NaNoWriMo 2019 (fanfic excerpt)

Hi guys!  I’ve been working half-heartedly on National Novel Writing Month, or NaNoWriMo, where participants write a 50,000 word novel in one month.  I did this successfully once before, but that was before I had a toddler!

This month I’m working on a fanfiction piece, continuing one of my favorite stories from childhood, The Horse and His Boy, part of the Chronicles of Narnia by C.S. Lewis.  I am not making huge progress, but who knows, maybe I’ll be able to finish it.  I really want to finish it, but it’s also taking up time that could be spent writing “real” novels.

I’ll probably put it on when I am done, but for now, enjoy this except from the opening.  Feel free to leave feedback in the comments (this is a first draft).

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Narration styles

Last week, I happened to read two YA fantasy novels that I enjoyed very much: A Horse and His Boy by C.S. Lewis (in the Chronicles of Narnia) and The Rise of Nine by “Pittacus Lore” (in the Lorien Legaices series).  But after finishing them in succession I was struck by how different their narrative styles are.

A Horse and His Boy is my favorite of the Narnia books (it is currently #3 in order).  I have read it literally dozens of times.  Most people tend to overlook it in the series because it does not fit directly in the over-arching plotline of the English characters; some have also accused it of racism.  I think the book has any number of great elements–exotic locations and culture, a strong female character in Aravis, talking horses, intrigue, fanciful language, a little action and just a hint of romance.  It also has a wonderful narrator.

The narrator is not one of the protagonists of the story; possibly he is the author, as he mentions another book in the series by name.  He tells the story in 3rd person past tense, but often makes asides directly to the reader that greatly enhance the entertainment value of the book.  Here are a few of my favorites:

Aravis immediately began, sitting quite still and using a rather different tone and style from her usual one.  For in Calormen, story-telling (whether the stories are true or made up) is a thing you’re taught, just as English boys and girls are taught essay writing.  The difference is that people want to hear the stories, whereas I never heard of anyone who wanted to read the essays. –Chapter 2

During his reign, and to his face, he was called Rabadash the Peacemaker, but after his death and behind his back he was called Rabadash the Ridiculous, and if you look him up in a good History of Calormen (try the local library) you will find him under that name.  And to this day in Calormene schools, if you do anything unusually stupid, you are very likely to be called “a second Rabadash.” –Chapter 15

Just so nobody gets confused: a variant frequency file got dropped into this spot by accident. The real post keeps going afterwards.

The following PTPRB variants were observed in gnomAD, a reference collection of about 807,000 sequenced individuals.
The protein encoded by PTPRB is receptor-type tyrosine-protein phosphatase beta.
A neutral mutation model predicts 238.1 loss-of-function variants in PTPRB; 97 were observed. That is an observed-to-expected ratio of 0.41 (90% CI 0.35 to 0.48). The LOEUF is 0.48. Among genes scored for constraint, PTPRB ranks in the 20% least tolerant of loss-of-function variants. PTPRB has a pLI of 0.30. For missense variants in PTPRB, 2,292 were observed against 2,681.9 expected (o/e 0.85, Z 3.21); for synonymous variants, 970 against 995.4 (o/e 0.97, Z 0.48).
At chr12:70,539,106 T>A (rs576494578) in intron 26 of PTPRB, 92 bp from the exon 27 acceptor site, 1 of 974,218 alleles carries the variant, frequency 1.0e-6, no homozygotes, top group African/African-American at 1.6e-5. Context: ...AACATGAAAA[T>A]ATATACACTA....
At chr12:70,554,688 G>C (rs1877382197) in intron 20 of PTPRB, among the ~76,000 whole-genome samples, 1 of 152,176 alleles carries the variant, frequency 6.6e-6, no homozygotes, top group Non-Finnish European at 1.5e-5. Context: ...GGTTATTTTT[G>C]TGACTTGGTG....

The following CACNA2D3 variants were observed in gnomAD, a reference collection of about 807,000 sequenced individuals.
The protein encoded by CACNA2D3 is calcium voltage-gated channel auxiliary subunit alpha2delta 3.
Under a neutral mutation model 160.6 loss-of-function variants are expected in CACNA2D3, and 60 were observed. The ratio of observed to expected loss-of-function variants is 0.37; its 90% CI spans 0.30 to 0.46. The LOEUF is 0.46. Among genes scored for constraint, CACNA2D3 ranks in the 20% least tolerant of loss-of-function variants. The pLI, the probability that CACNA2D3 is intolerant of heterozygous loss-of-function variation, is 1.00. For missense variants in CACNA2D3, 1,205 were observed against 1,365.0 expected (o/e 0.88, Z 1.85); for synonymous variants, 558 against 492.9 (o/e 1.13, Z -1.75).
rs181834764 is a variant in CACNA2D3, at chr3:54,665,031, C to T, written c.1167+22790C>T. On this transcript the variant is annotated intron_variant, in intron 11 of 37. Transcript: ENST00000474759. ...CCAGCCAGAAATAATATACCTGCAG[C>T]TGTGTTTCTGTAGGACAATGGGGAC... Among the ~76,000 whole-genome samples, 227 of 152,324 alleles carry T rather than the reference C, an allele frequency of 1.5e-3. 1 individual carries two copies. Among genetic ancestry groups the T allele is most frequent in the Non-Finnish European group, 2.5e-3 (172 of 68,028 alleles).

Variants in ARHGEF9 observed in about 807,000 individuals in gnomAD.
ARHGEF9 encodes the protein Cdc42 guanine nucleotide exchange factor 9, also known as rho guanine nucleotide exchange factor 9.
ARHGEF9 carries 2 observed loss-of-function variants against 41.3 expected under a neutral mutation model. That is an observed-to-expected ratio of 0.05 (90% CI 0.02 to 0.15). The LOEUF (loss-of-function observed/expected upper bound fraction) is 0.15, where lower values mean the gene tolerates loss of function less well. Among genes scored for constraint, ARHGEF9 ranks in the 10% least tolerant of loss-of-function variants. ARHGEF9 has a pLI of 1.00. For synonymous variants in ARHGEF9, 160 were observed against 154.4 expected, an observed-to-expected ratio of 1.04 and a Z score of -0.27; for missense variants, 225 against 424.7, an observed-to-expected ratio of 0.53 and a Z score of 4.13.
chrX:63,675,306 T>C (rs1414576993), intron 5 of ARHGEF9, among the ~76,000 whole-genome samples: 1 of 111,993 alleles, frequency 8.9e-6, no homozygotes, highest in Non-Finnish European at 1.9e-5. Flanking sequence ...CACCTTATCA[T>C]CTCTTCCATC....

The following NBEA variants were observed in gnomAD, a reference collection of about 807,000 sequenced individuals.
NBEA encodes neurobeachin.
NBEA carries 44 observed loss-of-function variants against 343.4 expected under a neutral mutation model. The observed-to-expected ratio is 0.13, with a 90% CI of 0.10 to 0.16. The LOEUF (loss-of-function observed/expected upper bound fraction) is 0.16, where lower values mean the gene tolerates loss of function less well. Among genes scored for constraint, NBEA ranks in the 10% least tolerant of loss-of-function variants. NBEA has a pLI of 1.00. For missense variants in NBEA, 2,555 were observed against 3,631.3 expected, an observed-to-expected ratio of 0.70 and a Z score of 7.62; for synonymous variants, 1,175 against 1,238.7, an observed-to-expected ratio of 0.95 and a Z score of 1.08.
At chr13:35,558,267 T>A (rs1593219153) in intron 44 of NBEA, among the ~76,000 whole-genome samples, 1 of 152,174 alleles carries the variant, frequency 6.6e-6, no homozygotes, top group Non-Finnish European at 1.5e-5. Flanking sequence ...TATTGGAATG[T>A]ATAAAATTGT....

I think the narration works for several reasons.  Because the timeline of the series spans many years (centuries in Narnian time!) it is helpful to have a narrator outside the story to provide continuity.  Also, the style of the narration is reminiscent of an adult telling a bedtime story to a child (think Princess Bride).  Because the target audience of these books is fairly young, mainly elementary and middle schoolers, readers would respond well to this familiar style.

The Rise of Nine, on the other hand, is written in the currently-trendy 1st person present tense, like Hunger Games and many others.  Personally, I am not a fan of this trend and will probably never be able to write in this tense.  It can be confusing to the reader if done badly, but I think it is done pretty well in Rise of Nine.  This book is for older, teenaged readers, and I think they appreciate the immediacy of this narration.  Teenagers are nothing if not dramatic–everything is happening RIGHT NOW and it is LIFE OR DEATH–so I think that 1st person present tense really helps them get into the book because it feels very real to them.

This installation is split between 3 narrators, Numbers Four (John Smith), Six, and Seven (Marina).  My main problem with this was that I was frequently unable to tell who was speaking until I read at least a page; I was especially unable to differentiate between the girls.  The name is not listed at the start of the chapter a la “A Song of Ice and Fire;” you have to tell who’s speaking based on the font.  I found the Six and Seven fonts hard to distinguish, and the characters were often in the same place together so the context was similar.  Ironically, their personalities are radically different, so the fact that I had a hard time telling them apart does not speak well for the quality of writing/character development.

I think Rise of Nine is a nice addition to the Lorien Legacies series, fleshing out some of the new Garde characters and giving plenty of action (although there is virtually no falling action after the climactic battle).  I am looking forward to continuing the series–hopefully the next one will have more of Sam and less of Sarah.